New commentary has outlined key benefits of plant-based diets that could help six health conditions such as diabetes and cancer.
Published in the American Journal of Lifestyle Medicine, a new commentary emphasises the ways plant-based diets can alleviate the burden of some health conditions. Plant-based diets consist of foods derived from plant sources like fruits, grains and pulses.
The Physicians Committee for Responsible Medicine has outlined the important benefits of following a plant-based diet on health conditions and why all practising physicians should be aware of these advantages.
Nutritional training is necessary for physicians
“The field of medicine, despite its prominent influence in society, has invested little to promote healthy lifestyle choices,” said the commentary co-authored by Saray Stancic, MD, FACLM, director of medical education for the Physicians Committee for Responsible Medicine. “The consequence of this is reflected in our ever-rising chronic disease statistics, most notably obesity and diabetes rates.”
Part of the problem, noted the authors, is that “medical schools offer an anaemic number of hours of nutrition education over four years,” which does not improve in postgraduate training. They explained that a recent survey of more than 600 cardiologists found that 90% reported they had not received needed nutrition education during training.
“It is time for all physicians across the globe to speak to the importance of diet and lifestyle in health,” concluded the commentary, which recommends that physicians do this by counselling patients, assuring hospitals provide healthy menus, lecturing in the community, writing articles, using social media, and providing commentary to media.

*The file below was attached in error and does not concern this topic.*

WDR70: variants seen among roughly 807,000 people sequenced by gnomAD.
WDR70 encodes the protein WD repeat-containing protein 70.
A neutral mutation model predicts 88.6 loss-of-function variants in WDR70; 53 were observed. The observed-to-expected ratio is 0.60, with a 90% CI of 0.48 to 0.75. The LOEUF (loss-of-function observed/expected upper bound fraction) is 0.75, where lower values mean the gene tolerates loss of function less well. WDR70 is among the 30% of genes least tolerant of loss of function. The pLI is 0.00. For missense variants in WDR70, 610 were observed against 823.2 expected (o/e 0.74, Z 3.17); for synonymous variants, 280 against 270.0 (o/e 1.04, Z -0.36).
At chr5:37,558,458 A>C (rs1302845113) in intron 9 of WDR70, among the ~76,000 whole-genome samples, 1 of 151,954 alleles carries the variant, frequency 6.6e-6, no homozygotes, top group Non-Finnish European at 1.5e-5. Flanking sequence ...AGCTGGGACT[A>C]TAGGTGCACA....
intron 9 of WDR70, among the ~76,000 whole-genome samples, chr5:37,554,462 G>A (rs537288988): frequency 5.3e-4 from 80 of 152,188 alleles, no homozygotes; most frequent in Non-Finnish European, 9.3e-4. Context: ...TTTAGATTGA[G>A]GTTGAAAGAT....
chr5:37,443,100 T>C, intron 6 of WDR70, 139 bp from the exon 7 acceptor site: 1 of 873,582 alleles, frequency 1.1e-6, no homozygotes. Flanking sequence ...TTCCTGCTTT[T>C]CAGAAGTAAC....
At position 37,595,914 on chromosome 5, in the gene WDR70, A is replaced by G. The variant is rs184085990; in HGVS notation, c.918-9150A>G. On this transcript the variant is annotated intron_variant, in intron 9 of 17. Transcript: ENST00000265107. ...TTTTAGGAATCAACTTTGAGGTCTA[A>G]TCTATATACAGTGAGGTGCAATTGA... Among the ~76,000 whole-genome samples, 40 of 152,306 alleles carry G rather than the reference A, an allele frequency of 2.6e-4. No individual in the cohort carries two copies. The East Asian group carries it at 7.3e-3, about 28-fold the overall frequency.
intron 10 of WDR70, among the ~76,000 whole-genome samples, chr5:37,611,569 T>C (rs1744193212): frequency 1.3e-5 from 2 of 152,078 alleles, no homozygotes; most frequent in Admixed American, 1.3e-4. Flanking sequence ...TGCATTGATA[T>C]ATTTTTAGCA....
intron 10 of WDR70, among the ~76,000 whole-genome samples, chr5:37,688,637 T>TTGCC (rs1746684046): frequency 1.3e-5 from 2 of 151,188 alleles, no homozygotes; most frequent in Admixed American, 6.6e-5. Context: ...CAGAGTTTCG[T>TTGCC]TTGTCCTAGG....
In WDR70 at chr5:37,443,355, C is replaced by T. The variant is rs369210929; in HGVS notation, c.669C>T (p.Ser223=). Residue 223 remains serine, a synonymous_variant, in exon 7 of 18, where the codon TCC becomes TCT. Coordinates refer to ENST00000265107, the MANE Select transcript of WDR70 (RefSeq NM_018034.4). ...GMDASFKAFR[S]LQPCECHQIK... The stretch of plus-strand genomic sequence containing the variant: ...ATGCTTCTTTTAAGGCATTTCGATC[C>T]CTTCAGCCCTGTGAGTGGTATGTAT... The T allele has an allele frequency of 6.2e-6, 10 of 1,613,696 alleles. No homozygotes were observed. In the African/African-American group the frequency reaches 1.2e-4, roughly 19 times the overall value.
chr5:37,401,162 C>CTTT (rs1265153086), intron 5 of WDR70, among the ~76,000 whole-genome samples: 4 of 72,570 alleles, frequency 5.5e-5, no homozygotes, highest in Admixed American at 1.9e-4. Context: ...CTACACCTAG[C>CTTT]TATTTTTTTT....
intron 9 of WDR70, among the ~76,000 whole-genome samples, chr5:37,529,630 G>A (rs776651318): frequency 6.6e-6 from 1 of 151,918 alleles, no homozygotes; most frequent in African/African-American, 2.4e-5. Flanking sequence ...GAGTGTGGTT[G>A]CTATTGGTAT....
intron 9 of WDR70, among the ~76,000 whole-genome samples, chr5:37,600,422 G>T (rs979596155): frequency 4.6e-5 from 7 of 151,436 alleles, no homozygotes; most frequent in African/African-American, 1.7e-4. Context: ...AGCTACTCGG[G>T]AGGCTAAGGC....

How plant-based diets help health conditions
The commentary noted that although physicians do not need to be experts in plant-based diets and nutrition, it is crucial to have some expertise about the benefits of plant-based diets for several health conditions:
- Weight loss and maintenance: The commentary called upon a previous study of 70,000 people that consumed a plant-based diet and weighed nine pounds less than those who did not. They also had a reduced risk of death.
- Cardiovascular disease: Saturated fat and cholesterol are found in high quantities in animal products; both are key drivers of cardiovascular disease. A meta-analysis found that individuals consuming a vegetarian diet decreased LDL cholesterol by 13mg/dl. Another analysis found a 24% lower rate of heart disease deaths amongst vegetarians compared to omnivores.
- Cancer: plant-based diets and physical fitness can potentially reduce breast cancer risk by 50-70%; a previous study has shown that diets incorporating soy and high fibre foods can further reduce breast cancer risk. High fibre diets can also reduce colorectal cancer risk. Diets with high quantities of dairy products increase prostate cancer risk and daily consumption of red/processed meats can heighten risk.
- Diabetes: A Harvard study previously concluded that individuals consuming plant-based diets could see a 34% reduction in type 2 diabetes risk.
- Alzheimer’s disease: Another study found that individuals consuming the primarily plant-based Mediterranean-DASH Diet Intervention for Neurodegenerative Delay (MIND) had a 60% lower risk of Alzheimer’s disease.
- COVID-19: An Harvard COVID-19 study found that those consuming a primarily plant-based diet had a 41% reduced risk of severe COVID-19 and a 9% reduction in infection of any severity.